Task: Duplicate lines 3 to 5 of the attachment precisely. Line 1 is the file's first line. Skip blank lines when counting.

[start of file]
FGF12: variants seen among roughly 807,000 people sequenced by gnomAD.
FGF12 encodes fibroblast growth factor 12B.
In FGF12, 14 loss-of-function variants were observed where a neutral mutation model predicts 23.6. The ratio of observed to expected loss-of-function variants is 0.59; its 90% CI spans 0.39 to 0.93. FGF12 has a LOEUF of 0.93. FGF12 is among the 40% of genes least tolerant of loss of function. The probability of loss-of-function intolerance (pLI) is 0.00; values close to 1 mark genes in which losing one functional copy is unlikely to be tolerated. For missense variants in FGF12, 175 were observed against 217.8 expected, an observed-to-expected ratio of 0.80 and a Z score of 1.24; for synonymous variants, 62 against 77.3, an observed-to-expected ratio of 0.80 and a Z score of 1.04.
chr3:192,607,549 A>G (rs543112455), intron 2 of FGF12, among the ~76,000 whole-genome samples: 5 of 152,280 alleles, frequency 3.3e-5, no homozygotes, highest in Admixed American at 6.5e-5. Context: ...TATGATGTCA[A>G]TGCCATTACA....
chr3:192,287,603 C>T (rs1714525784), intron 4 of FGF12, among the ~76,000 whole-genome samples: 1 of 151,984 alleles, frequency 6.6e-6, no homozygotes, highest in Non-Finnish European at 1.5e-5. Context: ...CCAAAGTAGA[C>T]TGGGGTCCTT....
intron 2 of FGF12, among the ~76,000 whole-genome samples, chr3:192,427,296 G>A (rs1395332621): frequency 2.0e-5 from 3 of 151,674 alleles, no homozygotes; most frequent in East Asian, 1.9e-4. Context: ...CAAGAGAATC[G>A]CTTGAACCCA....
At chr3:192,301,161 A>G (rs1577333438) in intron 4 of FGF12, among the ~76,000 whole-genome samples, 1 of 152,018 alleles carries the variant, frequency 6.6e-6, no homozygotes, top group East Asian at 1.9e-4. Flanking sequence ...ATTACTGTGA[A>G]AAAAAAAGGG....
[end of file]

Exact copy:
In FGF12, 14 loss-of-function variants were observed where a neutral mutation model predicts 23.6. The ratio of observed to expected loss-of-function variants is 0.59; its 90% CI spans 0.39 to 0.93. FGF12 has a LOEUF of 0.93. FGF12 is among the 40% of genes least tolerant of loss of function. The probability of loss-of-function intolerance (pLI) is 0.00; values close to 1 mark genes in which losing one functional copy is unlikely to be tolerated. For missense variants in FGF12, 175 were observed against 217.8 expected, an observed-to-expected ratio of 0.80 and a Z score of 1.24; for synonymous variants, 62 against 77.3, an observed-to-expected ratio of 0.80 and a Z score of 1.04.
chr3:192,607,549 A>G (rs543112455), intron 2 of FGF12, among the ~76,000 whole-genome samples: 5 of 152,280 alleles, frequency 3.3e-5, no homozygotes, highest in Admixed American at 6.5e-5. Context: ...TATGATGTCA[A>G]TGCCATTACA....
chr3:192,287,603 C>T (rs1714525784), intron 4 of FGF12, among the ~76,000 whole-genome samples: 1 of 151,984 alleles, frequency 6.6e-6, no homozygotes, highest in Non-Finnish European at 1.5e-5. Context: ...CCAAAGTAGA[C>T]TGGGGTCCTT....